When did you start running?
2012. People at work signed up for Bristol Half Marathon so I thought I would. Plus I had spent years looking for a hobby to take up and had watched Anna train and enjoy races and the social aspect of it, so rather than been left with the kids all the time, I thought I’d have a stab.
What was your first race and time, and did you train much?
I’d done a couple of 10ks that I hadn’t trained for (and beat Anna who was a bit peed off to say the least!) and then trained for 3 months loosely, following a made up plan and managed 1:32. After that experience I got hooked on running and haven’t stopped since!
Have you had many injuries or have you been fortunate enough to have plain sailing?
It’s taken me about 4 years to get the balance right and not be injured all the time. It’s only really the last 2 years that I’ve been running without injury. I think that is down largely to conditioning – i.e. your body needs to adapt to running; I slowed my training down and concentrated on consistency rather than trying to get a pb at every training session It also helps having a sports massage therapist for a wife, turning vegan and just building up steady miles.
You’ve had a marathon (2:41:29) pb and a half marathon (1:13:42) pb this year already, and it’s only May and qualified for the England Masters what’s your secret?!
Being able to train 6 days a week in terms of work/life balance and not being injured. I’ve always had the motivation, just not been physically able to do it.
What kind of running sessions do you do?
Training varies according to what I’m training for. For marathon training, I try and run 6 days a week, I generally do 2 long runs a week, a tempo run, a speedwork or efforts and the rest are recovery runs, depending on what week I’m on.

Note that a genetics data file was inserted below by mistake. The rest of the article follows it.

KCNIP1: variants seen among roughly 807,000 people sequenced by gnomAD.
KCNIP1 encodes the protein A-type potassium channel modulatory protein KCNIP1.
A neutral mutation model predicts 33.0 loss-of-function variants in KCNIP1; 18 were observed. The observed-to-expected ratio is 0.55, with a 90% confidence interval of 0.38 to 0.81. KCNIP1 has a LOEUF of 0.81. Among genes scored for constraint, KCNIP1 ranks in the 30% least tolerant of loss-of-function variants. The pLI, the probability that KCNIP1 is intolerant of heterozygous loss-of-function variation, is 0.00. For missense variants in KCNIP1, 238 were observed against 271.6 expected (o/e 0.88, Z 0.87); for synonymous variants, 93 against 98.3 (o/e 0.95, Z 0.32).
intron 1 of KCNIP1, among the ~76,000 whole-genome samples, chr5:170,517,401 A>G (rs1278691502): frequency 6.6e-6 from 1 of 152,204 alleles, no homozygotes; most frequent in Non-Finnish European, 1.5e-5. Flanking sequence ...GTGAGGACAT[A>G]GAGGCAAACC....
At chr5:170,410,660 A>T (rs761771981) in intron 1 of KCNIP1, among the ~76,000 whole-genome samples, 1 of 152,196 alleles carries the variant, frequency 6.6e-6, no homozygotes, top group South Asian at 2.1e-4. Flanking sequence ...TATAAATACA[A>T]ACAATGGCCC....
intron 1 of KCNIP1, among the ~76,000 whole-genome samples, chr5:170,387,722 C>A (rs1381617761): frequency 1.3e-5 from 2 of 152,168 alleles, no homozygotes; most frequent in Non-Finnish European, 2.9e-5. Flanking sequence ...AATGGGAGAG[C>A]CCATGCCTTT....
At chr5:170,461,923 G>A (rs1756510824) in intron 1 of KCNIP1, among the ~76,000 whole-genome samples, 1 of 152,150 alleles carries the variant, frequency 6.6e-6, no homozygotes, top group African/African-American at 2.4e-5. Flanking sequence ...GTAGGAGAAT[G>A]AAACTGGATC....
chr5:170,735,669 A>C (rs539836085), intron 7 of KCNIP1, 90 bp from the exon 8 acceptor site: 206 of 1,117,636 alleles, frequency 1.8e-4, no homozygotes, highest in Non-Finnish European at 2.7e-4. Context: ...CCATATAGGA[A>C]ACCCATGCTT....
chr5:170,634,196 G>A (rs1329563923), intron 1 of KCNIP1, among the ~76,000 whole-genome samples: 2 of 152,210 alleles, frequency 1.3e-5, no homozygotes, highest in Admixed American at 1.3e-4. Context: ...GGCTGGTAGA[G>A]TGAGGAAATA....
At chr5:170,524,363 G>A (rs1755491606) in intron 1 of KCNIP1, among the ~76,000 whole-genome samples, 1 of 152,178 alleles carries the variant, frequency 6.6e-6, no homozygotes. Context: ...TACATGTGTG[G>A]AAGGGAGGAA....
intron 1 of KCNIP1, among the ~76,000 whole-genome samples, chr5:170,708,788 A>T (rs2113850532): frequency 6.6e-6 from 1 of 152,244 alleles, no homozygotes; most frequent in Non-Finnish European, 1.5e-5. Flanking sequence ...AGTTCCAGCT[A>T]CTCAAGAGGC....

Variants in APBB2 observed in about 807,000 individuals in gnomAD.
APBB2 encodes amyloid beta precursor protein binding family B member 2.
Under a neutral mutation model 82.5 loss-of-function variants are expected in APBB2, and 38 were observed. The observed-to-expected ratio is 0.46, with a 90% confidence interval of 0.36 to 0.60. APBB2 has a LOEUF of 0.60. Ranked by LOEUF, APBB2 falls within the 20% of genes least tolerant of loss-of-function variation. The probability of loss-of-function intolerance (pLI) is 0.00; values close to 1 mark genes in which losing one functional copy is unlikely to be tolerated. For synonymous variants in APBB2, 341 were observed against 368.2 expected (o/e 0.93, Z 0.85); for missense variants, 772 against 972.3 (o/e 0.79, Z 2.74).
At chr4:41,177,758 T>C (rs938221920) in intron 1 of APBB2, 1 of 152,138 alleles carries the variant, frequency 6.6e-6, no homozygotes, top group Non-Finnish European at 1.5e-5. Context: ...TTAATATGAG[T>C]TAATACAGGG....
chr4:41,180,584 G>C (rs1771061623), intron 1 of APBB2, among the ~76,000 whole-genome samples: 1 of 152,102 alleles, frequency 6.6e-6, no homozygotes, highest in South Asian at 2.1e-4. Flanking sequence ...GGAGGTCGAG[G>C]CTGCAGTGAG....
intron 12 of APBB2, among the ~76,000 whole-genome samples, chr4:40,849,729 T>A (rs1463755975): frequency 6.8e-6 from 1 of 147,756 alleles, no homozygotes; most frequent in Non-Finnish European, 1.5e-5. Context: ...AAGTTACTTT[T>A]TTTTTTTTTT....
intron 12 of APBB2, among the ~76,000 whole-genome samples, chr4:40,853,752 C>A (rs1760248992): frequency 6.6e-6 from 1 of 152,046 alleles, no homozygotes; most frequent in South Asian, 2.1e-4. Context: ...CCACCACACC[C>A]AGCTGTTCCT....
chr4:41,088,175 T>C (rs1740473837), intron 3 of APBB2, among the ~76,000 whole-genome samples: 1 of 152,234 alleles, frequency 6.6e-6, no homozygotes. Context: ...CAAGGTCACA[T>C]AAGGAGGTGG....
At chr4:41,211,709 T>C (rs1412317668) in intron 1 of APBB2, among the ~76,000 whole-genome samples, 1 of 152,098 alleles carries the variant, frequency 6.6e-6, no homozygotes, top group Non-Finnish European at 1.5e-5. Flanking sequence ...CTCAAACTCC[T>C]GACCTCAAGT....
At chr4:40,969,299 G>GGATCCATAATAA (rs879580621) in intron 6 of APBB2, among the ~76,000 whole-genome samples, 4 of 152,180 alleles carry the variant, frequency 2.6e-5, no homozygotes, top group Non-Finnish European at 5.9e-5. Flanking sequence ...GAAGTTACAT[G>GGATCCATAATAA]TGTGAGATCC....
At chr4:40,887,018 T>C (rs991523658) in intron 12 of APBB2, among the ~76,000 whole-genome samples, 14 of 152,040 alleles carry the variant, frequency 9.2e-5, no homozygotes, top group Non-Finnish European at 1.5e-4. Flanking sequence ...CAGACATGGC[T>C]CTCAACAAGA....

Do you do any strength and conditioning, stretching etc?
I do strength and conditioning and core work (at home), following a plan although I”ve started at the gym with a personal trainer to increase muscle power. I don’t do any stretching as I don’t have the time and, for me, it doesn’t make too much difference. I did yoga for a fair while following a long term injury and use it if I feel like I need to stretch out. I’m completely inflexible, but some research I’ve read suggests that it’s not ideal for runners to be too flexible.
Do you think your vegan diet has played a part?
It’s difficult to say categorically really, but I feel that it’s one of the factors as I am recovering quicker and have enough energy to train consistently. Just having a cleaner diet really, no animal fats and you kind of have to eat more healthily and more natural food as there isn’t another option. I’ve been vegan long enough not to miss anything that I ate before, not a sausage ;)…. it’s only tricky when you’re out and about and there isn’t the instant hit of food, but you just learn to prepare more and then you don’t notice.
How does sports massage therapy help?
Running takes it’s toll on my body so sports massage helps repair and prep me for the next lot of training. Primarily it keeps on top of niggles so that they don’t develop into injuries whether that’s being pummelled or being given rehab advice.
What’s next in terms of goals?
Sub 2:40 marathon would be nice and improving my 10k pb which doesn’t reflect my times for other distances. Beating my half marathon pb would be amazing but difficult as I never dreamt of clocking a time like that in the first place.
For more information about how sports massage therapy can help you stay injury free and able to train, please get in touch.